In Sept-Îles, it’s not the swallow that makes spring but the Atlantic puffin

It is in the Côtes-d'Armor, off Perros-Guirec, in the nature reserve of Sept-Iles, that the last colony of puffins in France can be found today.

The Atlantic puffin, which belongs to the family of seabirds, is not very shy. It is easily recognizable with its small round head, its black spots around its triangle-shaped eyes and its large spring-coloured beak. His celebrity also comes from his easily recognizable original approach, a bit like Charlie.

With its small wings, the Atlantic puffin is difficult to fly but it is an excellent diver. It can go up to 60 m deep to feed. It is one of the few birds that can hold several fish in its beak because it has a rapping tongue that retains its slippery prey.

It is a "deep sea" bird. It spends most of its life, at least seven months a year, in the middle of the ocean. It is difficult to recognize in winter, its beak changes shape, loses its orange color and its face becomes dull. But after this wintering period, the puffin goes through a big stage of its life.

From March, puffins return to dry land to form breeding colonies. They are mainly found in Iceland, northern Norway, southern New Zealand, southwestern Greenland and northeastern North America. In France, the last colony is off the Côte de Granit Rose, in the Sept-Îles reserve.

Puffins pair for life. It is during the mating season that puffins' beaks take on the beautiful bright orange color that we know of. The couple only has five months to ensure their descendants. Each female lays a single egg and both parents raise their chick together. They build their nest on the cliffs in small crevices, small burrows. At the end of the summer, the little one will take off, only to return the following spring. The life expectancy of the puffin is twenty-five years.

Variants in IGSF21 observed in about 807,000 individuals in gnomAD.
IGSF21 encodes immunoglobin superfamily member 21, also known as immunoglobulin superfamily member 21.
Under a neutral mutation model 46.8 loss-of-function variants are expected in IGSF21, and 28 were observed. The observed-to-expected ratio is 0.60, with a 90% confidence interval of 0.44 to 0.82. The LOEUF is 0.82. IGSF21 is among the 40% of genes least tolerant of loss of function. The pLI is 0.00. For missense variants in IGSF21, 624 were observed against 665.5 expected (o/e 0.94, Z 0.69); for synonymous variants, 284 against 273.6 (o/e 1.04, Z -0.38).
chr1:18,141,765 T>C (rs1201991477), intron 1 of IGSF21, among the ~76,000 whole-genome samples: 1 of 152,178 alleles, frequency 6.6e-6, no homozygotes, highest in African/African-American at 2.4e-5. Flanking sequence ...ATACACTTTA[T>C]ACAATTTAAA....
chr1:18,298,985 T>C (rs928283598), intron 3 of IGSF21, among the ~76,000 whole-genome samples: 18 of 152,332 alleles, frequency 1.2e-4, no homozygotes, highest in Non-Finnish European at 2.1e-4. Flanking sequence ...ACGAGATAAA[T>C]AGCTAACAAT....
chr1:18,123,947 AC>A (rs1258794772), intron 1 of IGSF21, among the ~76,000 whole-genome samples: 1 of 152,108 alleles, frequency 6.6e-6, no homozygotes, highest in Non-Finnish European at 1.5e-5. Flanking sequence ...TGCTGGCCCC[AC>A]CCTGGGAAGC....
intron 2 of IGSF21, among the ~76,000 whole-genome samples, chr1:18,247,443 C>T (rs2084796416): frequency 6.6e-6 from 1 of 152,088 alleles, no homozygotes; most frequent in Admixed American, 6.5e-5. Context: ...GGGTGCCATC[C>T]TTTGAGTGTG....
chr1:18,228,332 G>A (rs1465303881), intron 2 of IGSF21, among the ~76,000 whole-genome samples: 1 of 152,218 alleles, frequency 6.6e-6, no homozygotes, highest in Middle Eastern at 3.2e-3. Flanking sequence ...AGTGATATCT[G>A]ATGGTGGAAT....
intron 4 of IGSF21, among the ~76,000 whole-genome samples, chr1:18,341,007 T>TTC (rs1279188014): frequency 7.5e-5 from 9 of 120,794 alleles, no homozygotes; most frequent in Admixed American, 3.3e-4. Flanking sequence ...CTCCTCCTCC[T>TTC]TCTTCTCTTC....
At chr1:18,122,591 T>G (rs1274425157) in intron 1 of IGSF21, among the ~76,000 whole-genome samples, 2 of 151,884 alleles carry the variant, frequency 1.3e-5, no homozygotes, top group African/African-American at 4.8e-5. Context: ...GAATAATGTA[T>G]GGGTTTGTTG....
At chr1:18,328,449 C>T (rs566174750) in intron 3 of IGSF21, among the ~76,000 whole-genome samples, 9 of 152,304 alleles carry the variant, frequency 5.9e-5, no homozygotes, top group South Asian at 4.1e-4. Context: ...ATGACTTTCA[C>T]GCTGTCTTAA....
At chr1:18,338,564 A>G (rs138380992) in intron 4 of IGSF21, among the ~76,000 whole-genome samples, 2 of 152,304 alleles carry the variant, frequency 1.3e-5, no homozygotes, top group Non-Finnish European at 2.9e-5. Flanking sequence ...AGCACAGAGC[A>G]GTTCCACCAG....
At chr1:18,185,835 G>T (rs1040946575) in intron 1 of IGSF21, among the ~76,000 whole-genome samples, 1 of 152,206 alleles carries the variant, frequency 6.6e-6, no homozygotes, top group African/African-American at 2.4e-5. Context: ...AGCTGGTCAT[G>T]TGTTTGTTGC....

At the beginning of the 20th century, real “safaris” were organized in Brittany to hunt the Atlantic puffin in the Sept-Îles archipelago. The hunters met off Perros-Guirec and they practiced a real massacre.

In 1900, one could read on the advertising posters of the Compagnie des chemins de fer de l'Ouest that Perros-Guirec was famous for "shrimp fishing and seabird hunting".

“At the time, the Sept-Îles had the largest colony of Atlantic puffins in mainland France. It was estimated at 15,000 pairs at the beginning of the last century. But the influx of hunters led to a very rapid decline in the population of these birds, and in 1912, there were only 400 pairs left... “Explains Gilles Bentz, former manager of the LPO station on Île-Grande in an article in Le Télégramme (2017)

The Atlantic puffin owes its survival today, thanks to the creation of the Sept-Îles Nature Reserve. This site has been classified as a national nature reserve since 1976, but the story began much earlier, with the creation of the Bird Protection League (LPO) denouncing and prohibiting since 1912 the hunting of puffins then persecuted by hunter-exterminators.

Thanks to this action, the Atlantic puffins survived but subsequently had to deal with oil spills, wild degassing, various (light) pollutions, further reducing their population. At the Sept Iles, the nature reserve is still managed today by the League for the Protection of Birds, of which the puffin is its emblem. This last colony in France only has about 200 pairs, protected by ornithologists.

With Marine Barnérias, set off off the coast of Granit Rose, in thearchipelago of seven islands. This nature reserve protects the largest community of seabirds in mainland France (25,000 pairs of nesting seabirds of 11 different species). A fight, when we know that between 1950 and 2010, nearly 70% of seabird species have disappeared in the world. Pascal Provost and Armel Deniau are the guardians of this place. They assess the state of health marine biodiversity while informing citizens of the fragility of all these islands...

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